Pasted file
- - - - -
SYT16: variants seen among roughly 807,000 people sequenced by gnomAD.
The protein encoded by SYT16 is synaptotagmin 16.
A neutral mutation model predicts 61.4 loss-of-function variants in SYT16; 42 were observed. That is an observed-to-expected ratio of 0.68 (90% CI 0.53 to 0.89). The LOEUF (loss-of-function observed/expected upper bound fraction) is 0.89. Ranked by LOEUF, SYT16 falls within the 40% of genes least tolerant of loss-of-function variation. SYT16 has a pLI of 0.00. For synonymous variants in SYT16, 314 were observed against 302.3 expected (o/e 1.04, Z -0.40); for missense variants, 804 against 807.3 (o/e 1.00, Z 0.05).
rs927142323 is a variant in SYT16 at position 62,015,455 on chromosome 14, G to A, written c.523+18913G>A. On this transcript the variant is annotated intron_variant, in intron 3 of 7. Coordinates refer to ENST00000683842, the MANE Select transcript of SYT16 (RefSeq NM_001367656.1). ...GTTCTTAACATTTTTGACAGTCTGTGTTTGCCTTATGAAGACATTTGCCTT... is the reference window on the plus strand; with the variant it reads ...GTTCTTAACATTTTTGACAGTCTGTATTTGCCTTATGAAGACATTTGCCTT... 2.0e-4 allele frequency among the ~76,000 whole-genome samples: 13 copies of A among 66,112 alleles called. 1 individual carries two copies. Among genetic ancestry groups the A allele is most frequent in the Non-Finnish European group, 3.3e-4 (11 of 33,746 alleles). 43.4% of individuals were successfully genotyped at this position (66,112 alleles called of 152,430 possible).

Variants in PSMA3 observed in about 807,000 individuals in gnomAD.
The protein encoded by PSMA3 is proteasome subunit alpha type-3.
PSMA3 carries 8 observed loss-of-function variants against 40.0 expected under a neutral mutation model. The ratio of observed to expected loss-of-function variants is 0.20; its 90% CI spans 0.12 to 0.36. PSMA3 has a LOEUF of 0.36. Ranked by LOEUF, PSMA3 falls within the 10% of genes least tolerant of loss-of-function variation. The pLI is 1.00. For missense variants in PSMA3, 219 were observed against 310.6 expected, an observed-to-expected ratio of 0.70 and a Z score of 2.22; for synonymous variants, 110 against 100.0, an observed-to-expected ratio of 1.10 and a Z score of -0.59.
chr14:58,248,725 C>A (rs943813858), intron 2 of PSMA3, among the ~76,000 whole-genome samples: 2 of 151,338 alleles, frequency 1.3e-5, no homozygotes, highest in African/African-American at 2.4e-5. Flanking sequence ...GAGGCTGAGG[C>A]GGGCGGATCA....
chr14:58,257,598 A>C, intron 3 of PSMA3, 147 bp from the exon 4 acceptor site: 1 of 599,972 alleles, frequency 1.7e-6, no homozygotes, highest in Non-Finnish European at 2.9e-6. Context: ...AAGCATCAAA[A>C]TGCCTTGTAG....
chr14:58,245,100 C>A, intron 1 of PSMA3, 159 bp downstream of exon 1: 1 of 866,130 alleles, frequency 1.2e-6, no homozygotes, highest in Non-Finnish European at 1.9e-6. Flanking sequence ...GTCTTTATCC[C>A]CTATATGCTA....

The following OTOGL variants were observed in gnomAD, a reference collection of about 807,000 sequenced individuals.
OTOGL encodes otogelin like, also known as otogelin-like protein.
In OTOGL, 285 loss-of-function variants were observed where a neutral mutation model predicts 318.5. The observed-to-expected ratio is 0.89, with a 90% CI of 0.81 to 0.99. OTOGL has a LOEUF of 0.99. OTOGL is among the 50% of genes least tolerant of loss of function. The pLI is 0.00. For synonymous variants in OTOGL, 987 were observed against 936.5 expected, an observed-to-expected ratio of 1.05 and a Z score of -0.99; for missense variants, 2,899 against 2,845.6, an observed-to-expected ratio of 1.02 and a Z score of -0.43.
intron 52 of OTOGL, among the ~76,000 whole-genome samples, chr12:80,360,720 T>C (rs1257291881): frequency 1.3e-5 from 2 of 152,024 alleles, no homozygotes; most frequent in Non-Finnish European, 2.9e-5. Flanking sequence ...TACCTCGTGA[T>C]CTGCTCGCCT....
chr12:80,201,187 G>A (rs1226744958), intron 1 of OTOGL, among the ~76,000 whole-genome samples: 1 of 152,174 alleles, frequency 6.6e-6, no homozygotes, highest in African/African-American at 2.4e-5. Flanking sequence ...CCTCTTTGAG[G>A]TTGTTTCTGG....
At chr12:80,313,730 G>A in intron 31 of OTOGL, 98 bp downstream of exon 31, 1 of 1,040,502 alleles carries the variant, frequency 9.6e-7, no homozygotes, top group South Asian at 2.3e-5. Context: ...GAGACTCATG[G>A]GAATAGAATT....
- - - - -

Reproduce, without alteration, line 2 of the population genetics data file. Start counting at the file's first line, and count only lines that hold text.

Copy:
The protein encoded by SYT16 is synaptotagmin 16.